So there’s two ways that food can stress you out. One is that it’s the wrong metabolic-type diet. In other words, if you’re a protein-type but you live on carbs, that’s stressful to your body. It’s always trying to adapt. It’s trying to create energy from the wrong fuel mixture. And that’s how we need to look at it. Like, it’s like the right fuel mixture. It’s the right amount of protein, fat, and carbs. Your cells need to produce energy so they can do their job. They don’t need to be taught what their job is, but they do need to do their job well. And to do their job, a cell needs energy, and it makes energy out of food.

So if you’re not getting the right fuel mixture, and for your genetics, you’re protein type, and you’re not eating that way, or if you’re a carb-type and you’re eating too much protein, same thing, you won’t produce energy on a cellular level, and that cell won’t do his job properly. Now, that’s the best description of stress, you know, that you can…in terms of diet, you’re not producing energy. Now, that’s just for the body. It causes, this is a good term for you guys, metabolic chaos. And so that’s not something that’s a diagnosis. You can’t go to your doctor and he says, “Oh, you’re suffering from metabolic chaos, here’s your prescription.” There is no prescription for that. The only thing that will straighten out that metabolic chaos is the step-by-step, you know, kind of get the diet right, get to bed on time, and all the holistic living that we get to do.

So diet can be very stressful in that way, that you’re just not producing energy at the right way. But it can also be stressful another way. There are both genetic and acquired immune problems or just basically inflammatory problems. So your body will create inflammation if you eat the wrong foods. And then inflammation will start to break you down for…and it can break down the lining of the small intestine that can lead to dysbiosis in the colon. It can also lead to you’re not absorbing food very well. It can lead to you’re not protecting yourself, your immune system isn’t…because 75% of your immune system is in the gut. So now you’re catching or you get yeast overgrowth. You get yeast overgrowth now. That’s sort of a bad thing.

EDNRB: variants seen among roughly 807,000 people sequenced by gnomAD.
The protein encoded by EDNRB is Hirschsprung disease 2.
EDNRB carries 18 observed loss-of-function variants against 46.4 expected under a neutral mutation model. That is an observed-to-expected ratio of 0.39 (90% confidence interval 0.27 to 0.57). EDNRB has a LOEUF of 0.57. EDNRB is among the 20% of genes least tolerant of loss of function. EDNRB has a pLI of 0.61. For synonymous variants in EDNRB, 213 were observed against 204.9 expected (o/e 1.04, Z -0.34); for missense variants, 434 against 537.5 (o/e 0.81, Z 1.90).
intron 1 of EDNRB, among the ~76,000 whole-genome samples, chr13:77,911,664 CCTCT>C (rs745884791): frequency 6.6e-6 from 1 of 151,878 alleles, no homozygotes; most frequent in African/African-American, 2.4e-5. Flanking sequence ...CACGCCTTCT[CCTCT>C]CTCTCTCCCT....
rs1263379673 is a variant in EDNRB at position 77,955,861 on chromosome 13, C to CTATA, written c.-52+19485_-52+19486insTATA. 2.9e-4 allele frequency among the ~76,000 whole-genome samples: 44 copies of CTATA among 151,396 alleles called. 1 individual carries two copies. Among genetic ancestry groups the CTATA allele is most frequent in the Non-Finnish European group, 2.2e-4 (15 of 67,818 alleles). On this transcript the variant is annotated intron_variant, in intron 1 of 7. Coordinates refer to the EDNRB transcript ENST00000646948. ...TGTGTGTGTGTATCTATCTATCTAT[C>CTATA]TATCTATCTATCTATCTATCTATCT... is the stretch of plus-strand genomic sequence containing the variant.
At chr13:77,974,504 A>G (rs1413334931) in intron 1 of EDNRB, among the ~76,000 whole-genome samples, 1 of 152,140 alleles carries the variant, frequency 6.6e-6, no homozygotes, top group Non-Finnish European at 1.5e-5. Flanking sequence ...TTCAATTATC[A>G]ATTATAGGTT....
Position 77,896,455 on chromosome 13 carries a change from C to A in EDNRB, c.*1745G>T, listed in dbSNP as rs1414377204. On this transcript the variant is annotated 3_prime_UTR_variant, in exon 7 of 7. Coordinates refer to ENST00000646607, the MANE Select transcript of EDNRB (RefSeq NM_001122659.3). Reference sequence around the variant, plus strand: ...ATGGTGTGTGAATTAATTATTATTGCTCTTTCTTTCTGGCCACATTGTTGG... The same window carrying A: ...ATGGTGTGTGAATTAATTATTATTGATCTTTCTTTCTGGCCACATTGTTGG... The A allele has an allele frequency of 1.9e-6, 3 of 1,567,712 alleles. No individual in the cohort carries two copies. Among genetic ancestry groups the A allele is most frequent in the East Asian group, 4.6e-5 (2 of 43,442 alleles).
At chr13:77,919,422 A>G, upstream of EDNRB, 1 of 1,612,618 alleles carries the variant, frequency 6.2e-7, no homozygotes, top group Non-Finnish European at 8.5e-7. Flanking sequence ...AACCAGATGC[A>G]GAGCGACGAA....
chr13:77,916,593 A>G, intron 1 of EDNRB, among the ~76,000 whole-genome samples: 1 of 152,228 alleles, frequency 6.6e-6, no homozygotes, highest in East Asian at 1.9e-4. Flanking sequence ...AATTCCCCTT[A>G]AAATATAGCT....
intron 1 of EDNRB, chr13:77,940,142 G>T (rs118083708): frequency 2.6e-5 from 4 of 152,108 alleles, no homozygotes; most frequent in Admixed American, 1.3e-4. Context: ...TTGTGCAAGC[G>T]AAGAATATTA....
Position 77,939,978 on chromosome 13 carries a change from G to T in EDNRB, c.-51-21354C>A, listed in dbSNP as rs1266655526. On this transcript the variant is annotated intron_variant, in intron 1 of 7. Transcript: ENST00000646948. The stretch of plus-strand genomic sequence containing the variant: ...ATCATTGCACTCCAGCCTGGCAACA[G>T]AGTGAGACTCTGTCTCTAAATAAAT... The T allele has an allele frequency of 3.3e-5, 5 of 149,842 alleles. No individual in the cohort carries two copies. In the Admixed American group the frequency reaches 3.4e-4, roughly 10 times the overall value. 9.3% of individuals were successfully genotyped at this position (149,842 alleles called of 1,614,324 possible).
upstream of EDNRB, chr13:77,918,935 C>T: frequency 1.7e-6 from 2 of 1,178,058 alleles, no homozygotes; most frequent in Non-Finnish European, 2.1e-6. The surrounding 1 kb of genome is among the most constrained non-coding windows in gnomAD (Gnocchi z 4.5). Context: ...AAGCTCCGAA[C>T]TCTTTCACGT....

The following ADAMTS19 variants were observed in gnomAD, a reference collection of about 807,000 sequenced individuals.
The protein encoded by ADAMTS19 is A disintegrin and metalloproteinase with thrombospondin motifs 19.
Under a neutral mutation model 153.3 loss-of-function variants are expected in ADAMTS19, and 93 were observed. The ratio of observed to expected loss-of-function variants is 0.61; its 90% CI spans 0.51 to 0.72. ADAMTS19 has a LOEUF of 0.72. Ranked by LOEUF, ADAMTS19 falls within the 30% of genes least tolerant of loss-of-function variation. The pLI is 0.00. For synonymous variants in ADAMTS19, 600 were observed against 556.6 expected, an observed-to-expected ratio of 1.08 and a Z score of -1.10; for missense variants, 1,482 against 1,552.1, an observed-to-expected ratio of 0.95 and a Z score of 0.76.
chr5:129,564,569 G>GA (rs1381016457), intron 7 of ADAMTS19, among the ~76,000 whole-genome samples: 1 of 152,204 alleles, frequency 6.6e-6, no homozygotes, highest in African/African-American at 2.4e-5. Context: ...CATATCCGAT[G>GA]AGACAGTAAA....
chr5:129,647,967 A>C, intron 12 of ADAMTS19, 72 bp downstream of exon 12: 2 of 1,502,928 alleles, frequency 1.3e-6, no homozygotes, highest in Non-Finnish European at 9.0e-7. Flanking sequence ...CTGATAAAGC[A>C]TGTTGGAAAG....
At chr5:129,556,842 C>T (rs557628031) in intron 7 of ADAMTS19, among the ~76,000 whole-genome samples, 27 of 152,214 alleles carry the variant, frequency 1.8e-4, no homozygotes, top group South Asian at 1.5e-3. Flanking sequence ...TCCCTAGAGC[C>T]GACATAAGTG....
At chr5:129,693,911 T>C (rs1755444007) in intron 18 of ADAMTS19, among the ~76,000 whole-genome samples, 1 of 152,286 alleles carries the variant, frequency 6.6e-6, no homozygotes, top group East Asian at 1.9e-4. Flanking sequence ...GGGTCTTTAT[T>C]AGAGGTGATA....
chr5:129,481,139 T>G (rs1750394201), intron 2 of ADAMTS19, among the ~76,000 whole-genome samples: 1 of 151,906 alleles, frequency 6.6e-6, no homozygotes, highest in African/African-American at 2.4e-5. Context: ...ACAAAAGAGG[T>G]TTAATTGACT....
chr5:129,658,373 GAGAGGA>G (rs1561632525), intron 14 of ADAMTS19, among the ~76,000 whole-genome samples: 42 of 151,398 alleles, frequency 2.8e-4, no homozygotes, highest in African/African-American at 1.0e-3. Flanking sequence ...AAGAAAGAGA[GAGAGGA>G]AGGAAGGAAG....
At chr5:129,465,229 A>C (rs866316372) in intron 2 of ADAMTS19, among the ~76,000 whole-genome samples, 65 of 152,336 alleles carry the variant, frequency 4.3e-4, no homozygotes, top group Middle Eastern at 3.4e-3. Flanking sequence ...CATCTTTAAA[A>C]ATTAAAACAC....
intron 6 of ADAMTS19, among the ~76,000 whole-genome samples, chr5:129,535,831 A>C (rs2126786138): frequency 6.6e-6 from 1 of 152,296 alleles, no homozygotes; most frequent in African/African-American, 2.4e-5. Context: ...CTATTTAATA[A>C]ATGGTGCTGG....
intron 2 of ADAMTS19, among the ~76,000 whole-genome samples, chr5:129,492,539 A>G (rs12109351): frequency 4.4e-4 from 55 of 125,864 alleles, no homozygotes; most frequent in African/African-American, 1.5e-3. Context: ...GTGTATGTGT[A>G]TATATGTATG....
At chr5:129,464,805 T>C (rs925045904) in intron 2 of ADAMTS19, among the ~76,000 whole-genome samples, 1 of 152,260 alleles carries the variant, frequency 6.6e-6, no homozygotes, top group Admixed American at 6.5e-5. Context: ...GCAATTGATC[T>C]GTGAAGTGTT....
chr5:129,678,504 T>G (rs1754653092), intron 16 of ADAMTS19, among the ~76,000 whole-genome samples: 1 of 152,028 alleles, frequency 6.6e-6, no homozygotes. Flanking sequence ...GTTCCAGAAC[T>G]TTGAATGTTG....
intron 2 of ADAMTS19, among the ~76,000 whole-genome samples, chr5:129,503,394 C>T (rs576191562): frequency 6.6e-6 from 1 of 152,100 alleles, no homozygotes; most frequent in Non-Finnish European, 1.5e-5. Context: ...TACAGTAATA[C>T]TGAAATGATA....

And then other bugs can move in, bacterias can move in, and they can start building condominiums and inviting their buddies, which are the big, bad guys like parasites and things. So there’s stress from eating wrong for your genetics and then there’s stress from eating foods that we’re very sensitive to. There’s just some foods, and it changes from person to person, that’s why we actually like to test. But one thing that you could do at home now is eliminate foods. Pretty much everyone listening probably is sort of just getting rid of gluten and dairy, for instance, and that’s less stress on your system. Now, that less stress in your system is gonna mean, “Oh, your hormones, there’s not so much demand for high cortisol levels.” And those high cortisol levels, you know, aren’t gonna have the negative impact they have.

Again, back to that idea of metabolic chaos. There’ll be less metabolic chaos when you eat right for your type and also don’t eat foods that you’re sensitive to. And so, you know, I could go on and on about that. It’s really interesting how, you know, the direct relationship between stress and cortisol levels. You know, cortisol raises your blood sugar, or where could that lead to? Obesity, type two Diabetes, eventually, and things like that. So don’t let anyone tell you that food doesn’t affect your health, especially the hormones.

Katie: Yeah, I think that’s so important and I love your approach of…because you see so many groups that wanna totally eliminate different macrobiotics like, you know, no carb or low carb or low fat or no fat, and obviously, none of those approaches at their extreme are good for you, but I think it’s so important for people to figure out what specifically works best for their body and not take any diet program, you know, at face value. But then once the macrobiotics are figured out, focus on the most nutrient-dense bioavailable micronutrient-rich foods that they can find within those guidelines and what works best for them. Because you’re right, we’re kind of fighting a losing battle with our food system and we need all those nutrients that we can get in whatever framework we have.

Reed: Absolutely. It’s really important to support your local organic farmers and these kind of things because diet is critical. And again, we like to run some tests, but you can do elimination diets and they work very well in a lot of cases, especially with your kids. You know, if your kids have the issues around behavior or attitude or energy levels or these kind of things, the number one thing you can do is start thinning out the diet and finding. There’s lots of places you can go to look for tips on that. Yeah, it’s really critical.